Marianne Williamson is first 2020 presidential candidate to respond to Ballotpedia’s Candidate Connection survey

The Daily Brew
Welcome to the Friday, Oct. 18, Brew. Here’s what’s in store for you as you start your day:

  1. Marianne Williamson is first 2020 presidential candidate to respond to Ballotpedia’s Candidate Connection survey
  2. Voters in two states to elect state supreme court justices in November
  3. What’s the Tea?

Marianne Williamson is first 2020 presidential candidate to respond to Ballotpedia’s Candidate Connection survey

Author Marianne Williamson is the first 2020 presidential candidate to complete Ballotpedia’s Candidate Connection survey, answering questions about her personal beliefs, professional background, and political priorities.

Williamson describes the effect that the book, A Course in Miracles, had on her life and why she thinks the United States needs “a season of moral repair.” She also discusses reparations, money in politics, and the quality Presidents Bill Clinton, George W. Bush, Barack Obama, and Donald Trump have in common. 

Here are some of Williamson’s responses:

What legacy would you like to leave?

“A legacy of love that transforms politics and government to benefit We the People.”

What should a 28th Amendment to the Constitution say?

“Overturn Citizens United. Limit money in politics.”

What do you support that the majority of your party opposes?

“I am the first presidential candidate to advocate for reparations, and the only one with a plan for how to do it.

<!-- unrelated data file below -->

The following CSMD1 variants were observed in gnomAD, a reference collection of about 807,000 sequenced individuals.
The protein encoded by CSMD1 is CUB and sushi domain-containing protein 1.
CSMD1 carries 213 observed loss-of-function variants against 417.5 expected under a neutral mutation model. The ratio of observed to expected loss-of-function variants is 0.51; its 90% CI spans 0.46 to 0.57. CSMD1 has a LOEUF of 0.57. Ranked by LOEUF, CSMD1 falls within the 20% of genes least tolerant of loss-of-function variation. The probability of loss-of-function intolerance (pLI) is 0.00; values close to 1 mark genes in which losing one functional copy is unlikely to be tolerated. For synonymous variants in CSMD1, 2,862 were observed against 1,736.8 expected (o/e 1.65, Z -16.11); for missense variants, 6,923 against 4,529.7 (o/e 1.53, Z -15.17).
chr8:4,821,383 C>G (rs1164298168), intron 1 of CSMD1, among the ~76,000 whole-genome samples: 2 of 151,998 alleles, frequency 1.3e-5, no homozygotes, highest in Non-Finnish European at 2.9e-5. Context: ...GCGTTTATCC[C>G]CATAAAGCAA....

In many ways, America has continued the process of racial reconciliation begun in the 1960’s. Yet in other ways, we have actually slipped backward. Yes, there are no more colored bathrooms and separate drinking fountains. But we now have mass incarceration; racial disparity in criminal sentencing; lost voting rights; outright voter suppression; and police brutality often focused on black populations.

Tepid solutions are not enough for the times in which we live; we need huge, strategized acts of righteousness, now. Just as Germany has paid $89 Billion in reparations to Jewish organizations since WW2, the United States should pay reparations for slavery. A debt unpaid is still a debt unpaid, even if it’s 150 years later. The legacy of that injustice lives on, with racist policies infused into our systems even to this day. From employment and housing discrimination, to equal access to quality education in underserved communities, to police brutality/prejudice, to lack of fair lending practices, to lack of access to quality healthcare, to insecure voting rights, America has not yet completed the task of healing our racial divide.